The Society of Skeptics was established as a forum for students and faculty to discuss and debate important global issues; it has grown to become one of the premier high school lecture series in the United States. Each week, speakers from the political, social, scientific, economic and literary arenas share their unique perspectives with students, who are encouraged to engage with presenters, asking questions and debating points of view.

The program was an outgrowth of the Blair International Society, begun in 1937. Forty years later, former history department chair Elliott Trommald, PhD, Hon.’65, established the modern Skeptics program as a regular forum for student discussion and debate; history teacher Martin Miller, PhD, took over in the mid-1980s and molded the program into a weekly lecture series, one that has since continued without interruption. Under the tutelage of Dr. Miller, Skeptics has featured a wide variety of speakers who are engaging, accomplished in their respective fields and often controversial. For a listing of upcoming Skeptics programs, please click here.



Shana Russell
Shana Russell

Shana Russell joined Blair’s faculty this summer as associate dean of college counseling, a role to which she brings nine years of international-school college counseling experience. For the past four years, Mrs. Russell worked at Dubai American Academy in Dubai, United Arab Emirates, where she served as head of college counseling. Prior to that, she was director of college counseling at Asia Pacific International School in Seoul, South Korea, and college counselor at Taipei American School in Taipei, Taiwan.

Mrs. Russell is a graduate of Trinity College with a bachelor’s degree in English; she earned her M. Ed. In international counseling at Lehigh University. Interestingly, she began her career on the opposite side of the admission desk, working as assistant director of admissions at Trinity College and at Washington University in St. Louis School of Law.

Mrs. Russell’s family includes her husband, Blair history teacher Michael Russell, and their young sons, Teddy and Ripley. They live in Freeman Hall, where Mr. and Mrs. Russell are housemasters. The Russells are all world travelers (Mrs. Russell herself has visited 50 countries!) who love to experience different cultures, foods, sights and geographies everywhere they go. Read on to learn more about Mrs. Russell and her family!

Q. What do you enjoy most about helping students navigate the college admission process?

A. I love that the college admission process gives students the opportunity to explore who they are and who they have become as they prepare to graduate from high school. This is often the first time that teenagers are told to stand out, and I’m proud to be a part of their process of discovering and articulating what makes each of them so unique. When students understand who they are before they get to college, it helps them succeed when they are there.

Q. How do your years in college admission inform your work as a college counselor?

A. My experience as an admission officer has given me an understanding of what works and what does not work in college applications (at least for me). All admission officers read applications differently, but each is ultimately trying to determine if a particular student is a good fit for the institution. Having been in the committee room, I know what questions are being asked, how the application is being viewed, which things are important and which things are not important on the application, and what makes a student stand out. In addition, I know there are likely five or six applicants who could fill every available seat at a university equally well. This knowledge, and my background in counseling, helps me help students when admission decisions come in. If an application did not work out the way they had hoped, I try to help students see that it is just what happened in this place, at this time. There was no one thing they did wrong during the process, and they will still find happiness at the college or university they ultimately attend.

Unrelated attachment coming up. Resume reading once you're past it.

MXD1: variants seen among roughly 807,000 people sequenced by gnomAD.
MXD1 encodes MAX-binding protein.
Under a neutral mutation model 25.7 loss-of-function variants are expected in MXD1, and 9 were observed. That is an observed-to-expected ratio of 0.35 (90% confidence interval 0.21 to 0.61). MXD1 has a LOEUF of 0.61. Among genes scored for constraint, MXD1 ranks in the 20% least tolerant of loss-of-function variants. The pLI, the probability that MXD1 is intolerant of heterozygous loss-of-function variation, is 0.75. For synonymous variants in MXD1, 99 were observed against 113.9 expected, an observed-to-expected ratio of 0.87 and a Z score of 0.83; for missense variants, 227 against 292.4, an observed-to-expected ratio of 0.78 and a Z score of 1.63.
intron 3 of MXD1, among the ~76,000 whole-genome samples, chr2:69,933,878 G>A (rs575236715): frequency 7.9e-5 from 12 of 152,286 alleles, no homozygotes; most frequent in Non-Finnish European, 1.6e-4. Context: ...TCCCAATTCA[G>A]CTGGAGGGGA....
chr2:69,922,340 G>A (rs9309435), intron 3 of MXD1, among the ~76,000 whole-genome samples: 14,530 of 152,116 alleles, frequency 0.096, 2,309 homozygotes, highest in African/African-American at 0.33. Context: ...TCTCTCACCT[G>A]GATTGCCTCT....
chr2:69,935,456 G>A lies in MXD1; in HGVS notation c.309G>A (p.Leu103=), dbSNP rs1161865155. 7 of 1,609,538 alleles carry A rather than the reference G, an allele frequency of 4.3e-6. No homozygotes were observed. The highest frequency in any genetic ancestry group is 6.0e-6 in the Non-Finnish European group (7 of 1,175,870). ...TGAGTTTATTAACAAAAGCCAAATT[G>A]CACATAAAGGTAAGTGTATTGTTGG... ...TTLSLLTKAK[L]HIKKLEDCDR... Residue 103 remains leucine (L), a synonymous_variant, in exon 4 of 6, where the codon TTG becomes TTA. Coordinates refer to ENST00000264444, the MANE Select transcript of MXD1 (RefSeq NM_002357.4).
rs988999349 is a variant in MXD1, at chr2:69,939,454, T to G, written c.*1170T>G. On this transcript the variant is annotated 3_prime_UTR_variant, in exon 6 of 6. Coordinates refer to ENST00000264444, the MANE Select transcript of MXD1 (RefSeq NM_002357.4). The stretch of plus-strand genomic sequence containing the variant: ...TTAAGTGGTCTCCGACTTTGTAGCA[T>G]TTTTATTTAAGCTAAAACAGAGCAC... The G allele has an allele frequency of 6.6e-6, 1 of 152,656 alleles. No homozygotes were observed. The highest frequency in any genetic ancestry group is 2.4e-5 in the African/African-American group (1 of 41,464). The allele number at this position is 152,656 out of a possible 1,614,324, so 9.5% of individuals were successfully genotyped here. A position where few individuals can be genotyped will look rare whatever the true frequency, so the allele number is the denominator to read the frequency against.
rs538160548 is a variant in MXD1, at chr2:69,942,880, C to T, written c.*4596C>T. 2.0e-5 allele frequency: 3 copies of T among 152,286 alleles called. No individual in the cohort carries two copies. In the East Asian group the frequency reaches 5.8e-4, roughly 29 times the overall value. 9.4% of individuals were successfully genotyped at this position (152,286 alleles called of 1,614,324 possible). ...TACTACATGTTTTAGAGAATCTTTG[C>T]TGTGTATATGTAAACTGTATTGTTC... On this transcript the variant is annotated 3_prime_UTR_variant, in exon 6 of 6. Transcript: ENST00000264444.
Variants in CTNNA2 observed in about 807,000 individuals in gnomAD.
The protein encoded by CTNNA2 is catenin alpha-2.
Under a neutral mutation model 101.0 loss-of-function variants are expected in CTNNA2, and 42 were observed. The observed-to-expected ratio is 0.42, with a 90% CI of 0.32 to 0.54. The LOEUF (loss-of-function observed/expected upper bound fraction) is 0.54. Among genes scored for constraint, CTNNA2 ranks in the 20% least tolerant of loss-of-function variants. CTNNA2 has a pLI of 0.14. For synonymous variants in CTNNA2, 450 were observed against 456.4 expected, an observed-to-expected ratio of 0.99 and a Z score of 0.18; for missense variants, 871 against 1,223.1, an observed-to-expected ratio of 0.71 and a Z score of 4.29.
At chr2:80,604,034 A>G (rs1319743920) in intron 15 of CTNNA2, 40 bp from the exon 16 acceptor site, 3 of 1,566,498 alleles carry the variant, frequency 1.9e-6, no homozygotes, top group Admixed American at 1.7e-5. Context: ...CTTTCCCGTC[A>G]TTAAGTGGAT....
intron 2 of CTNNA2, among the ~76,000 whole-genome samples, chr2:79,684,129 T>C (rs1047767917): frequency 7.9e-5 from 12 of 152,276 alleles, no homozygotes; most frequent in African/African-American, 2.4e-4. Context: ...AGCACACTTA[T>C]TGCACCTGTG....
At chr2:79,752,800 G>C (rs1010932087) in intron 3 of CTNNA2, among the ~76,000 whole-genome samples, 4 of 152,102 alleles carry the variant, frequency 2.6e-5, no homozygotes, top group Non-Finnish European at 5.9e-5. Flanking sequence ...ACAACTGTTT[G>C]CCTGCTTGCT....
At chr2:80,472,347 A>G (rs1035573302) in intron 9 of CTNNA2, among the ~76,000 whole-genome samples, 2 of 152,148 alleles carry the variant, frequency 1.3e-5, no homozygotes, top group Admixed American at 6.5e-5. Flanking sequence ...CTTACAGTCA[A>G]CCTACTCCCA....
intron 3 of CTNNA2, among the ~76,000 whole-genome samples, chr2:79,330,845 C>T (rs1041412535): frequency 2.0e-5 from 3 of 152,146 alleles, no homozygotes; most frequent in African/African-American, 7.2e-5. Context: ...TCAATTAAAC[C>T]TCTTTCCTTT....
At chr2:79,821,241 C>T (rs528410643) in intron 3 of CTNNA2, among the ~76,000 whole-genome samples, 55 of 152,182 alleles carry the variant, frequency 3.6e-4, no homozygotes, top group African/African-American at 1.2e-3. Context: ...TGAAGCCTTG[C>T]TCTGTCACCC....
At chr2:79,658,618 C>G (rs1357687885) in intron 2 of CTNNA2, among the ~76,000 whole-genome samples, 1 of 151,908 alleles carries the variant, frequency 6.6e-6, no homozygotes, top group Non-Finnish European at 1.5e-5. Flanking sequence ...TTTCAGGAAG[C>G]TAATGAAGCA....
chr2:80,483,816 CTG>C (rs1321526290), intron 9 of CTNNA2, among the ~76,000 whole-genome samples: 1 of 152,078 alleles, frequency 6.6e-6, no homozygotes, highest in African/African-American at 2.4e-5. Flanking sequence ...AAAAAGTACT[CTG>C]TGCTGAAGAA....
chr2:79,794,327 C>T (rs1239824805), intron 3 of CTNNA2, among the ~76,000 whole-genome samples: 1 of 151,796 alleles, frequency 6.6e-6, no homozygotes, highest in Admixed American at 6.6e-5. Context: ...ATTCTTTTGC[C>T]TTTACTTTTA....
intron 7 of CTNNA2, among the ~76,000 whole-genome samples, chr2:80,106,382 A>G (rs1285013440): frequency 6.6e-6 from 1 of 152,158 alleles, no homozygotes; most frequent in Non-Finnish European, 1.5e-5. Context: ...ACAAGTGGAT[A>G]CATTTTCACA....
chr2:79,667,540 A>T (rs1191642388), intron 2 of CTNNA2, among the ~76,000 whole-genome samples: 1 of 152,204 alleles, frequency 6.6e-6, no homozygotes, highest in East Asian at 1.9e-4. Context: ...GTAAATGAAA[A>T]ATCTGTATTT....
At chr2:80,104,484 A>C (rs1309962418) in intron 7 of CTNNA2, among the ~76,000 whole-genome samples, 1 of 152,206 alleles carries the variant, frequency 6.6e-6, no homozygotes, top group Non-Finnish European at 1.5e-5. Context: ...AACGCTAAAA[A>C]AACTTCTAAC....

Q. What advice would you share with seniors as they prepare to submit their college applications this fall?

A. It will work out for you! Senior year may seem like a time to worry or stress about college, but I’ve been through this enough times to know that no matter what school you attend, you will find your place. Much of your college experience depends on what you make of it, so if you find the happiness in your choice, you will be motivated to do well in your classes and participate in the community. That will set you on a good path to a lasting career.

Q. Describe one of your best family travel experiences. What makes it especially memorable?

A. This spring, we went on safari in Tanzania. Every member of our family, from our kindergartner and fifth grader to Michael and me, was completely engaged throughout this trip. We are still talking about the amazing animals we saw at the watering hole, the interesting people we met and the different foods we ate! Each of us was really invested in the safari (and we are having fun speaking to each other in Swahili).

Q. What’s next on your travel bucket list?

A. It’s all next! I want to see so many more places around the world. I accomplished my goal of visiting 40 countries before I turned 40; now that we are back in the U.S., I’d like to visit all 50 states before I turn 50. Although Michael and I have already been to many states, we are actually going to start this adventure from scratch so that our boys get to experience all 50 states, too.

Q. What are you and your family most looking forward to as members of the Blair community?

A. First, we want to get to know the students better. Living in Freeman Hall (a junior boys’ dorm), our sons have 30 big brothers, and that’s been great. We love sports, and we’re looking forward to attending lots of games throughout the year. We’re excited to experience the changing of the seasons, since we haven’t lived in a place that has four distinct seasons in quite some time. Finally, we are looking forward to feeling as though we’re home. The fact that so many teachers enjoy long careers here and that alumni come back to teach really attracted us to Blair. Actually, we already do feel at home.